German executives saw their compensation levels jump by 22 percent in 2010, according to a new study. They are now earning at pre-crisis levels, but are still in the middle of the pack in international comparisons.
Board members at Germany's DAX companies earned 2.9 million euros on average in 2010
Board members at Germany's 30 DAX-listed firms earned on average 2.9 million euros a year in 2010, a 22 percent increase over the previous year, a new study has found. That puts their pay levels back to 2007 levels, before the global financial crisis took a chunk out of executive pay checks.
While German executives seem to have emerged from the crisis years with their bank accounts quite healthy, they still don't have the kind of compensation packages their US counterparts enjoy.
In fact, German executive pay is somewhat in the middle of the field in international comparisons, according to the new study on compensation released this week by the DSW investors' association.
CEOs in Germany earned on average 4.5 million euros in 2010, higher than in France (just over 3 million euros) but below Switzerland, where 5.3 million euro is the average.
Germany falls far behind countries like the United States, which has the highest rates of executive compensation. American top bosses earn on average 12 million euros, the DSW study said,
Winterkorn of VW is Germany's highest paid CEO
Other American studies put that number slightly lower, but it is always well above German levels.
While German rates aren't that stratospheric, German execs aren't doing too badly. The highest paid is Martin Winterkorn of VW, who in 2010 earned 9.3 million euros. Behind him was Deutsche Bank's Josef Ackermann (8.99 million) and Peter Löscher of Siemens (8.98 million).
Those kinds of salaries, while perhaps considered moderate in New York boardrooms, are still uncomfortably high for many in Germany. While board pay went up 22 percent last year, thanks in part to a German economy roaring out of crisis mode, wages for workers rose a much more modest 2.7 percent.
The authors of the study say the growing gap between the rich and the rest is worrying, and if executive pay climbs over the 10 million euro level, social unrest could result as resentments build.
"When the salary gap becomes too big, at some point it becomes problematic," Christiane Hölz, the DSW director in North Rhine-Westphalia, told Deutsche Welle.
Keeping the best and brightest
Defenders of high executive pay have argued that today's chief executives are worth more because they have much more on their plates than their predecessors did, especially as companies have become larger and more complex.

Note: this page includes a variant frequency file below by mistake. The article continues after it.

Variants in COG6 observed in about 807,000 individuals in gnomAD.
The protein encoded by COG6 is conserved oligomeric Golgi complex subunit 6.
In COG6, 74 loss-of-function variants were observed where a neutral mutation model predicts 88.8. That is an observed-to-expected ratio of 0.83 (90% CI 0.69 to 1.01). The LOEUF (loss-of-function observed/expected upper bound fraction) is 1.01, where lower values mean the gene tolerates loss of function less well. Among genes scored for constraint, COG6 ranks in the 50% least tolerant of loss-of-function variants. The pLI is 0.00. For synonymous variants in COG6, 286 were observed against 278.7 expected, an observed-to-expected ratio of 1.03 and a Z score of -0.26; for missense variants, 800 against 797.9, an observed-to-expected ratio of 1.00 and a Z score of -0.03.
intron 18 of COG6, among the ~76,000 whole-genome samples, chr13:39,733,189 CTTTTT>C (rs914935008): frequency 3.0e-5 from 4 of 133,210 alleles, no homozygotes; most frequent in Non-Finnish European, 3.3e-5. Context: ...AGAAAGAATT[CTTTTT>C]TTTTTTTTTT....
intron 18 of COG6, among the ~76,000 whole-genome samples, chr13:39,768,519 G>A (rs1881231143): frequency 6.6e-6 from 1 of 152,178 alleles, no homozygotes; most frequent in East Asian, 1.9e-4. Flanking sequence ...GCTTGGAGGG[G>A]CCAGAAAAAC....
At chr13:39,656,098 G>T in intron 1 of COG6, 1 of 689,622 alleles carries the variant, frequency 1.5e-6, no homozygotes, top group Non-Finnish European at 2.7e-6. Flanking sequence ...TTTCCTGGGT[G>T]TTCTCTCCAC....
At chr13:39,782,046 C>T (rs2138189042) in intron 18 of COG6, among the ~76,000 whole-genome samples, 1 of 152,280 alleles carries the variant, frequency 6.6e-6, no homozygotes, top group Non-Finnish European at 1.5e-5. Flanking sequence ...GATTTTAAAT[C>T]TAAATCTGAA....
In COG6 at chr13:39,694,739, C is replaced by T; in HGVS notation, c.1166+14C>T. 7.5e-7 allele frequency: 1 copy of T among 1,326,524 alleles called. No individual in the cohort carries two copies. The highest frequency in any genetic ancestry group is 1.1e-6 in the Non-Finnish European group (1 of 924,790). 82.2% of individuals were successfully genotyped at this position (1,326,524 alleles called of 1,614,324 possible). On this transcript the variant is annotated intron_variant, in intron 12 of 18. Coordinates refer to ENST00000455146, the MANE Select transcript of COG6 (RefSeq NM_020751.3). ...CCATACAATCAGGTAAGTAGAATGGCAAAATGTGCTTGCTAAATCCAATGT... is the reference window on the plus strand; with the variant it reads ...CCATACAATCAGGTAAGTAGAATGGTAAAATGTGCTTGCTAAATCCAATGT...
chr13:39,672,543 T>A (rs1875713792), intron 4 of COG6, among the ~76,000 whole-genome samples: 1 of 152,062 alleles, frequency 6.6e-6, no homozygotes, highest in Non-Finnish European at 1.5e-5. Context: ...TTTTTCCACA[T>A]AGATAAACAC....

Many, especially in the United States, have argued that in a globalized world, large pay packages are necessary to attract the kind of talent that can successfully run these intricate corporations. If compensation levels aren't attractive, talented executives could in theory simply move to a company in a country where the pay check is bigger.
"That is the argument that is made in Germany as well, but we still have quite a lot of CEOs working here," Hölz said.
Critics of executive pay would like to see compensation packages changed. The study found that fixed salaries make up 29 percent of total executive pay at DAX companies, while variable bonuses were responsible for 50.2 percent and stock-performance-based pay made up the other 20,8 percent.
For Germany's top-paid exec Winterkorn, his performance-based bonus was much more important to his bank account than his fixed salary, which brought him 142,000 euros per month. The bonus, however, netted him more than 400,000 euros a month.
But it is not all about the money, according to Tim Zühlke, one of the founders of Indigo Headhunters, a Frankfurt-based executive search firm that specializes in recruiting managers for the financial services sector.
"If you're at the top management level, it's largely about the challenge of the work environment and especially the corporate culture," he told Deutsche Welle, adding that a highly successful executive in a French or Italian company might not do well in a German firm, despite being lured with a multi-million dollar pay package.
Avoiding the American way
Many German observers are uneasy with the upward direction of CEO pay because they do not want it to reach American levels, which are widely considered unfair, even by many in the United States.
At a time when millions of Americans are still reeling from the initial hit of the global financial crisis and trying to hang on to homes and jobs, the heads of major US corporations like 3M, General Electric and Cisco Systems are making as much today as they were before the recession hit. Some are earning even more.
High executive pay has helped fuel inequality in the US
For the average US CEO, the good times have returned. For the average American worker, they have not. The recovery has not trickled down.
The CIA's World Factbook, which uses a common economic indicator of inequality called the "Gini coefficient," has ranked the US as far more unequal than the European Union.
In terms of inequality, the US is in the company of developing countries — just behind Cameroon and Ivory Coast, and just ahead of Uganda and Jamaica.
Investor group DSW does not advocate the government tackle this in Germany by setting a salary cap on executives salaries. Corporate pay agreements are private contracts and salaries are not paid by the taxpayers, but in the final analysis, by stockholders, Hölz said.
"But it would be better to ask the companies to be aware of their responsibilities and establish an appropriate and sustainable pay package," she said.
Unfortunately, she added, things do not appear to be heading in that direction.
Author: Kyle James
Editor: Nicole Goebel